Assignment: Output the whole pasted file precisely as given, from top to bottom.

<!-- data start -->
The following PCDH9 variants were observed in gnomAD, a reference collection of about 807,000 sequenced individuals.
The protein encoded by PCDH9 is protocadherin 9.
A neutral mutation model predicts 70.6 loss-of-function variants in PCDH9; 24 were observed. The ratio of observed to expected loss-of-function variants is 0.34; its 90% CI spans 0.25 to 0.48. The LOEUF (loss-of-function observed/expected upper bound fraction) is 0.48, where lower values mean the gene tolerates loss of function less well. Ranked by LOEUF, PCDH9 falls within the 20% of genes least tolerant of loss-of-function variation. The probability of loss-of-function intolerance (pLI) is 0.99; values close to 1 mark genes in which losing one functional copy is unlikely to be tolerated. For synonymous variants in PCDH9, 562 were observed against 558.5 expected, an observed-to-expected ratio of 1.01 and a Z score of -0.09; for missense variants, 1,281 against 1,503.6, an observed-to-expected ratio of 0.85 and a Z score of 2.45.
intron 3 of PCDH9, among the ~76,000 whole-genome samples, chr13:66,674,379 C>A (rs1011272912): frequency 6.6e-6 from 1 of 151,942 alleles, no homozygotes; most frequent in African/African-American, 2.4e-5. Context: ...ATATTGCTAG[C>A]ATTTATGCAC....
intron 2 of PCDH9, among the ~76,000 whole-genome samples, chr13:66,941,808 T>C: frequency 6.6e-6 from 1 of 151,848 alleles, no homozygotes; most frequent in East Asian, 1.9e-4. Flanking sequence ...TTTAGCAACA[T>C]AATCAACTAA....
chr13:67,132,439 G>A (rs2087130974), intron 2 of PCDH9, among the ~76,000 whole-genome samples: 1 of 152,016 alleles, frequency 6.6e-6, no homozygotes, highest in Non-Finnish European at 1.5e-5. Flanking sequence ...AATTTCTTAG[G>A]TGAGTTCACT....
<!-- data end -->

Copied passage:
The following PCDH9 variants were observed in gnomAD, a reference collection of about 807,000 sequenced individuals.
The protein encoded by PCDH9 is protocadherin 9.
A neutral mutation model predicts 70.6 loss-of-function variants in PCDH9; 24 were observed. The ratio of observed to expected loss-of-function variants is 0.34; its 90% CI spans 0.25 to 0.48. The LOEUF (loss-of-function observed/expected upper bound fraction) is 0.48, where lower values mean the gene tolerates loss of function less well. Ranked by LOEUF, PCDH9 falls within the 20% of genes least tolerant of loss-of-function variation. The probability of loss-of-function intolerance (pLI) is 0.99; values close to 1 mark genes in which losing one functional copy is unlikely to be tolerated. For synonymous variants in PCDH9, 562 were observed against 558.5 expected, an observed-to-expected ratio of 1.01 and a Z score of -0.09; for missense variants, 1,281 against 1,503.6, an observed-to-expected ratio of 0.85 and a Z score of 2.45.
intron 3 of PCDH9, among the ~76,000 whole-genome samples, chr13:66,674,379 C>A (rs1011272912): frequency 6.6e-6 from 1 of 151,942 alleles, no homozygotes; most frequent in African/African-American, 2.4e-5. Context: ...ATATTGCTAG[C>A]ATTTATGCAC....
intron 2 of PCDH9, among the ~76,000 whole-genome samples, chr13:66,941,808 T>C: frequency 6.6e-6 from 1 of 151,848 alleles, no homozygotes; most frequent in East Asian, 1.9e-4. Flanking sequence ...TTTAGCAACA[T>C]AATCAACTAA....
chr13:67,132,439 G>A (rs2087130974), intron 2 of PCDH9, among the ~76,000 whole-genome samples: 1 of 152,016 alleles, frequency 6.6e-6, no homozygotes, highest in Non-Finnish European at 1.5e-5. Flanking sequence ...AATTTCTTAG[G>A]TGAGTTCACT....